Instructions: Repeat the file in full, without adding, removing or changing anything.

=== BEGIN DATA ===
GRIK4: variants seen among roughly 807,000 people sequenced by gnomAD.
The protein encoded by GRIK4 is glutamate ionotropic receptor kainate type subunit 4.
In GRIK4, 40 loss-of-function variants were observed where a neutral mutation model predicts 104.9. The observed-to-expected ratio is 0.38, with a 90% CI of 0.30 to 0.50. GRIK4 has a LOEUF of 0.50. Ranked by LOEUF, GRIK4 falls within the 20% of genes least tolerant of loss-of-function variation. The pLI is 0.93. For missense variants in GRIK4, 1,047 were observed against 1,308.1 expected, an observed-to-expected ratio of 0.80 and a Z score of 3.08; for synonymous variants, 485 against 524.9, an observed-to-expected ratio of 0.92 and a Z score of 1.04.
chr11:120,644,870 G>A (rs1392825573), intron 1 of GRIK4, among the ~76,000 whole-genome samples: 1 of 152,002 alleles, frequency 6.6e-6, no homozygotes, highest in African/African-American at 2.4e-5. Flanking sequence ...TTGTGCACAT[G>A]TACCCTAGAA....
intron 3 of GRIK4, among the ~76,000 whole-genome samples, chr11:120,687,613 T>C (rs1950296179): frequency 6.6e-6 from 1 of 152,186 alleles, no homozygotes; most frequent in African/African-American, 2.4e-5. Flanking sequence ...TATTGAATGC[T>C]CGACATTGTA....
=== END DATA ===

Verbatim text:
GRIK4: variants seen among roughly 807,000 people sequenced by gnomAD.
The protein encoded by GRIK4 is glutamate ionotropic receptor kainate type subunit 4.
In GRIK4, 40 loss-of-function variants were observed where a neutral mutation model predicts 104.9. The observed-to-expected ratio is 0.38, with a 90% CI of 0.30 to 0.50. GRIK4 has a LOEUF of 0.50. Ranked by LOEUF, GRIK4 falls within the 20% of genes least tolerant of loss-of-function variation. The pLI is 0.93. For missense variants in GRIK4, 1,047 were observed against 1,308.1 expected, an observed-to-expected ratio of 0.80 and a Z score of 3.08; for synonymous variants, 485 against 524.9, an observed-to-expected ratio of 0.92 and a Z score of 1.04.
chr11:120,644,870 G>A (rs1392825573), intron 1 of GRIK4, among the ~76,000 whole-genome samples: 1 of 152,002 alleles, frequency 6.6e-6, no homozygotes, highest in African/African-American at 2.4e-5. Flanking sequence ...TTGTGCACAT[G>A]TACCCTAGAA....
intron 3 of GRIK4, among the ~76,000 whole-genome samples, chr11:120,687,613 T>C (rs1950296179): frequency 6.6e-6 from 1 of 152,186 alleles, no homozygotes; most frequent in African/African-American, 2.4e-5. Flanking sequence ...TATTGAATGC[T>C]CGACATTGTA....